• Any phone carphone warehouse and 3 sell are sold as unlocked, contract or not. Staying on Kitkat.
  • as often the case good government regulators is important or otherwise we end up with an alphabet soup pf bands and phones that can't work on all providers - this is intentional done by ATT and Verizon to lock yo9u in suckers.
  • I am using a unlocked OnePlus One with a Lyca Mobile SIM because I travel around a lot. In Ireland, I get 1GB of Data, which is all I need, for 4,50 Euro - when I am out of the country, I can purchase 1 GB to use in that country for around 10 Euro and similar packages for voice or text. Getting the phone unlocked basically payed back for itself within 3 months, as most high-end phones on contract cost at least 40-50 Euro a month here.
  • Here in Portugal buyng an unlocked phone is as easy as buying a locked one, here all the major appliance stores that exist in all cities and often more than one in each city sell the phones locked and unlocked, and the my carrier sells unlocked phones cheaper with 2-year contract.
  • The problem is when you try to have it unlocked. The morons come up with all the excuses in the book to charge you for it albeit what the new communications law states. Specially the guys at TMN (or MEO or whatever the f they're called now) Posted via the Android Central App
  • After 2 years contract they can't charge anything to unlock the phone, in the first 6 month's they can charge the difference between unlock and lock price,after those 6 month's they can charge 80%, in the last year they can charge 50%.
  • I picked up the Maxwest Android Astro 5 (Kit Kat) from Yippz. This phone has a 5 inch screen, 1.3GHz quad core, 8.0 mp camera and is Dual SIM. It's also manufactured unlocked. I use Puretalk (at&t) for only 10 dollars a month (personal line).This phone has tethering & wi-fi built in., so I can use it at any coffee shop, restaurant, park, or who ever is offering free wi-fi. The best thing is I am not stuck in a contract and I can switch to any MVNO carrier at any time. I use one sim for personal and the other sim slot for business. It's so nice not to carry two phones.
    I'm really excited to have it because, I am going to be traveling and I can take it with me and use it oversea's. All I have to do is pick up a sim card in the country I am visiting at the airport or at a local store.
  • I just started my first venture in unlocked phones with my LG G4. Don't think I will ever go back...
  • One thing I do hope going forward in all this is that not only will the big 4 carriers be more universal as far as bands and frequencies and being able to use unlocked phones on them, but also smaller regional carriers like C-Spire and SouthernLINC, who are each popular in my area, C-Spire is similar to Verizon and Sprint at the moment as they have a CDMA network and LTE, then SouthernLINC who still uses iDEN at the moment but is working on LTE in the 800 MHz now and can maybe get some 700 MHz in the next auction, not sure what specific band, but hoping the regionals will be able to start accepting unlocked pretty soon as well! Posted via my Moto G 2nd gen on Cricket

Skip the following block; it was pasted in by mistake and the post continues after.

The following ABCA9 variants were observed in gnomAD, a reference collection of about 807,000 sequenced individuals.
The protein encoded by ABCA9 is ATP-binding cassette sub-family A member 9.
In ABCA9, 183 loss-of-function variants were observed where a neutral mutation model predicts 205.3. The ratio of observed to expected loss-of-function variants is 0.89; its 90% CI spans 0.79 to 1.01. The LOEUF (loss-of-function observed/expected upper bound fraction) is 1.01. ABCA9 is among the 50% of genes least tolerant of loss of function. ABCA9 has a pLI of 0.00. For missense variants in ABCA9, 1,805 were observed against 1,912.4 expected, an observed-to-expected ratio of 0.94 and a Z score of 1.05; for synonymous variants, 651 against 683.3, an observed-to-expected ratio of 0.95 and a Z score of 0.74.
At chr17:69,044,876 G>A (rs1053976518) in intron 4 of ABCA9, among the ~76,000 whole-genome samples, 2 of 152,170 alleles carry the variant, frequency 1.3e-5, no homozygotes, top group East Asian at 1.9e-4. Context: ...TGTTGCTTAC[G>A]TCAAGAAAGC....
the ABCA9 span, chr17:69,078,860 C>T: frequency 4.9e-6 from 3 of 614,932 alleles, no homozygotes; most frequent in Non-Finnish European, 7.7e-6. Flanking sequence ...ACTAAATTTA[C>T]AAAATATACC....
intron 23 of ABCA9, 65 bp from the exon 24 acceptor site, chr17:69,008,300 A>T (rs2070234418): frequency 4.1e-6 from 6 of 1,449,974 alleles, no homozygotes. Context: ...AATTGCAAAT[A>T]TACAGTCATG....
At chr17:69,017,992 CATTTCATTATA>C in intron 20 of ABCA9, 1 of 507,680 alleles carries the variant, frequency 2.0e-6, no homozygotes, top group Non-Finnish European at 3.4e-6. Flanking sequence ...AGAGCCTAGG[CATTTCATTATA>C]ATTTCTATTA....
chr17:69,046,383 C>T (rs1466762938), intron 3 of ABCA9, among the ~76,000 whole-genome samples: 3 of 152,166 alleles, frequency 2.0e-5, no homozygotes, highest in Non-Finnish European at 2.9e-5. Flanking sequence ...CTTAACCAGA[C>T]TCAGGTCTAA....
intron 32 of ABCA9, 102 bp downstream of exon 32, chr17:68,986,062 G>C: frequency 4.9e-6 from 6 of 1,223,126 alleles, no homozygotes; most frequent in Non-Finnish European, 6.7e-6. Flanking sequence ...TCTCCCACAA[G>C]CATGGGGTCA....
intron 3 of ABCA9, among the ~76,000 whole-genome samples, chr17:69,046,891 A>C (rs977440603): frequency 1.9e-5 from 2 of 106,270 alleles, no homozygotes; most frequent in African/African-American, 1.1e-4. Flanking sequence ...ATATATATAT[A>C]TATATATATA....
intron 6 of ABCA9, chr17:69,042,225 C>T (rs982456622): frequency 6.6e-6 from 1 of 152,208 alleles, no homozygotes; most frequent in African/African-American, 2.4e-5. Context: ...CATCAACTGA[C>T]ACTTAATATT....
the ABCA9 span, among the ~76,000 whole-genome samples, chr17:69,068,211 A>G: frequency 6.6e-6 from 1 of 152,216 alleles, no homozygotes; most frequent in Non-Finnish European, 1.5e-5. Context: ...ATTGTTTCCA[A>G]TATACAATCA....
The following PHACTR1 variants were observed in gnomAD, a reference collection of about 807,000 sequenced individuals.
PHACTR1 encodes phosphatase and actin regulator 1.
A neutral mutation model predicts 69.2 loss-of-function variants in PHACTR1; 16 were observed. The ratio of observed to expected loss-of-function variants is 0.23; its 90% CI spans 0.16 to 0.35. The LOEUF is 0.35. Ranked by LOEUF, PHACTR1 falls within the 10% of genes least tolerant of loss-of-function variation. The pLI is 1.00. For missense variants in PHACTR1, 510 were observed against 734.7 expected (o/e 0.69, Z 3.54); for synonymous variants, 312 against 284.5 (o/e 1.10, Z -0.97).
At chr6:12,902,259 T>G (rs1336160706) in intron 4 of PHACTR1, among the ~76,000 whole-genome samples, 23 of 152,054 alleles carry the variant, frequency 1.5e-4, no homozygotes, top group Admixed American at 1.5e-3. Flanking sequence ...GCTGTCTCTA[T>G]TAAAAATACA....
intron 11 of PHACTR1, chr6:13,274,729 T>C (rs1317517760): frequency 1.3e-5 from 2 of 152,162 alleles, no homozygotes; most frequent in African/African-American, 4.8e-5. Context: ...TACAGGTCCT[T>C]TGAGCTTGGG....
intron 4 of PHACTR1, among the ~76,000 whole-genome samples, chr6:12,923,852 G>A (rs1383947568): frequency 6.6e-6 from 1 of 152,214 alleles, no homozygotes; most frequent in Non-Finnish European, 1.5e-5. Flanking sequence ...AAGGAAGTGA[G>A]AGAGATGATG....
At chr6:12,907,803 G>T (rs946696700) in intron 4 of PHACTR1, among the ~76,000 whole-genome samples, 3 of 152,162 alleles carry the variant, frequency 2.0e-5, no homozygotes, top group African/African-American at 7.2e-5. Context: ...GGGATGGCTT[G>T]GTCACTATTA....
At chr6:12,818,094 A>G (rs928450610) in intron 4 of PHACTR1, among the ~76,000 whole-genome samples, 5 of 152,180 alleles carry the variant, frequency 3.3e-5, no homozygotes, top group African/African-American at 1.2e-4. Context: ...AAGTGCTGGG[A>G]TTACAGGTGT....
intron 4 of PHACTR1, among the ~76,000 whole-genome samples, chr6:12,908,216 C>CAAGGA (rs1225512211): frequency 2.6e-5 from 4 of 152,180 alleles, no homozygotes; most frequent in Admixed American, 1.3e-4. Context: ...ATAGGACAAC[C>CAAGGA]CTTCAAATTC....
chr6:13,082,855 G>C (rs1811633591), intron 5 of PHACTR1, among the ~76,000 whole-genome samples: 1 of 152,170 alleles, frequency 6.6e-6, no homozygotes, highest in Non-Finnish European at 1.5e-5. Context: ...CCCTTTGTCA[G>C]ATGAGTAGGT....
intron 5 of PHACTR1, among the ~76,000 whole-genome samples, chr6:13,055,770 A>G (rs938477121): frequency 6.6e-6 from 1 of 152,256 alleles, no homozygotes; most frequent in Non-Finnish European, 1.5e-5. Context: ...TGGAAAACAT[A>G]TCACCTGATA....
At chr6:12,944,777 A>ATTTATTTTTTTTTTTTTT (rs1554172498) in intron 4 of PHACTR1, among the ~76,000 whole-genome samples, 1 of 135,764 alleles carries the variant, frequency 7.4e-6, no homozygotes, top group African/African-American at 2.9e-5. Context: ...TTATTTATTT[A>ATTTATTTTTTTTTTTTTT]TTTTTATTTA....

• The Phone House isn't, however, the only major player. In many European countries they're not that relevant, being replaced by the French retailer FNAC or by the germanic Saturn and Media Markt. Though it's very common to find ALL of these retailers in the same country competing with each other. People also buy less and less from carriers. The only phones in Europe most people buy through carriers are the iPhones because they're so stupidly expensive in Europe (and probably the Galaxy 6 and 6Edge now too). Oh and you can thank Nokia for pretty much having unified the GSM market in the 2000's. Posted via the Android Central App
  • All you need to know is that in the US, the carriers are raping us with those contracts and we think we get a bargain. Posted via the Android Central App
  • I had no idea the nexus 6 was truly unlocked and compatible with all 4 major US carriers. That's awesome. Makes me consider nexus 6 even more. Technically the moto e lte 2nd gen Verizon variant can work on T-Mobile and ATT. Don't know about sprint and this is even without jailbreaking but still some steps. Major kudos to Google with the nexus 6 sort of justifies the flagship price. Hoping nexus 7 (lol) and moto x3 or (2015) is the same. Save us moto. Posted via the Android Central App
  • Almost all phones in Sweden is unlocked. Easier to find a unlocked rather then locked. The carriers sells unlocked phones. Posted via the Android Central App
  • I also tend to buy unlocked phones and since I have been holding onto my almost 4-year-old Galaxy Nexus, I pulled the trigger on the unlocked LG G4 H815 model. It supports most of AT&T and T-Mobile's LTE frequencies here and also supports LTE in my home country of Panama so I went with that.
  • Aren't Verizon phones unlocked? I went to England with my Droid Turbo and got a EE microsim. I replaced the Verizon sim with this sim and was on the air in 30 seconds at full 4G LTE speed. I assume I could stick in an AT&T sim or T-mobile sim and have the same results. If so, could not I use my old Verizon Galaxy S5 in the same way here in the US?
  • Just waiting on an unlocked LG G4 to arrive from Amazon on friday. They were £30 ($46.28) cheaper than Carphone Whorehouse for an unlocked handset. Then I pay £14 ($21.60) per month with Tesco mobile (like Walmart / KMart; it piggybacks on the O2 network) for 750 UK mobile or landline mins, 5000 texts and 3gb of 4G (LTE) data per month.
    When i'm abroad I use a 3 mobile sim card with their 'feel at home' tariff, that lets you use your UK allowances as normal in the country you're in, including most of the EU, USA, Canada, Oz, Nz, Hong Kong etc.